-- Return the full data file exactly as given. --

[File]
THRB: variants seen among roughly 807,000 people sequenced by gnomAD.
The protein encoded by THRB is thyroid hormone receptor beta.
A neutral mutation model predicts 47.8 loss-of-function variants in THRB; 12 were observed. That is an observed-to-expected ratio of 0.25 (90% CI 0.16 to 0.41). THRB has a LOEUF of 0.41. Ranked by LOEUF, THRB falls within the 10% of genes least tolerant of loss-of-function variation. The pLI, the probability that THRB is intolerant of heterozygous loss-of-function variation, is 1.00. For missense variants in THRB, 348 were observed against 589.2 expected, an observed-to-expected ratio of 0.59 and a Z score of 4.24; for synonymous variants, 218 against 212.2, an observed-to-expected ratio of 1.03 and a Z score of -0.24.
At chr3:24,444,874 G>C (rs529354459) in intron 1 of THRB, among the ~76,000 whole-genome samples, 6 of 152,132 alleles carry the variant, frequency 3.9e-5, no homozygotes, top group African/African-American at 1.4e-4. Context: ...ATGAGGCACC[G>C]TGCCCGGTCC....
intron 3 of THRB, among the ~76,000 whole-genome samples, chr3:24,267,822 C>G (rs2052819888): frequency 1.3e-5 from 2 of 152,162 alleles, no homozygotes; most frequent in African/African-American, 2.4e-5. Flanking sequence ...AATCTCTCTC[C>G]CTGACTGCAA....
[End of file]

THRB: variants seen among roughly 807,000 people sequenced by gnomAD.
The protein encoded by THRB is thyroid hormone receptor beta.
A neutral mutation model predicts 47.8 loss-of-function variants in THRB; 12 were observed. That is an observed-to-expected ratio of 0.25 (90% CI 0.16 to 0.41). THRB has a LOEUF of 0.41. Ranked by LOEUF, THRB falls within the 10% of genes least tolerant of loss-of-function variation. The pLI, the probability that THRB is intolerant of heterozygous loss-of-function variation, is 1.00. For missense variants in THRB, 348 were observed against 589.2 expected, an observed-to-expected ratio of 0.59 and a Z score of 4.24; for synonymous variants, 218 against 212.2, an observed-to-expected ratio of 1.03 and a Z score of -0.24.
At chr3:24,444,874 G>C (rs529354459) in intron 1 of THRB, among the ~76,000 whole-genome samples, 6 of 152,132 alleles carry the variant, frequency 3.9e-5, no homozygotes, top group African/African-American at 1.4e-4. Context: ...ATGAGGCACC[G>C]TGCCCGGTCC....
intron 3 of THRB, among the ~76,000 whole-genome samples, chr3:24,267,822 C>G (rs2052819888): frequency 1.3e-5 from 2 of 152,162 alleles, no homozygotes; most frequent in African/African-American, 2.4e-5. Flanking sequence ...AATCTCTCTC[C>G]CTGACTGCAA....